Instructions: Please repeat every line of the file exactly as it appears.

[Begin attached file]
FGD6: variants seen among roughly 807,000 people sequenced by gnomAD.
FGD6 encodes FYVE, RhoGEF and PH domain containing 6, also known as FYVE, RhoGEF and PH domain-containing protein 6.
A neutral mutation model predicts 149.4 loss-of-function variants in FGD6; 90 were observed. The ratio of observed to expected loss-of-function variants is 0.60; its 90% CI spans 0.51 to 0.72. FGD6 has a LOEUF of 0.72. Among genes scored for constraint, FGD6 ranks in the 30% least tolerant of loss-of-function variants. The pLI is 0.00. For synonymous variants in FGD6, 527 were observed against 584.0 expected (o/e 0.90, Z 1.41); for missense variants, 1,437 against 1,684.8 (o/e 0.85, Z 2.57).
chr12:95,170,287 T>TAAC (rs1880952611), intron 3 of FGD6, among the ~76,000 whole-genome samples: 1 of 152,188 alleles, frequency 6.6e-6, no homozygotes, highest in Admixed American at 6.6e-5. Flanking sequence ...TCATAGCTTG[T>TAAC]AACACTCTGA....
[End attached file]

FGD6: variants seen among roughly 807,000 people sequenced by gnomAD.
FGD6 encodes FYVE, RhoGEF and PH domain containing 6, also known as FYVE, RhoGEF and PH domain-containing protein 6.
A neutral mutation model predicts 149.4 loss-of-function variants in FGD6; 90 were observed. The ratio of observed to expected loss-of-function variants is 0.60; its 90% CI spans 0.51 to 0.72. FGD6 has a LOEUF of 0.72. Among genes scored for constraint, FGD6 ranks in the 30% least tolerant of loss-of-function variants. The pLI is 0.00. For synonymous variants in FGD6, 527 were observed against 584.0 expected (o/e 0.90, Z 1.41); for missense variants, 1,437 against 1,684.8 (o/e 0.85, Z 2.57).
chr12:95,170,287 T>TAAC (rs1880952611), intron 3 of FGD6, among the ~76,000 whole-genome samples: 1 of 152,188 alleles, frequency 6.6e-6, no homozygotes, highest in Admixed American at 6.6e-5. Flanking sequence ...TCATAGCTTG[T>TAAC]AACACTCTGA....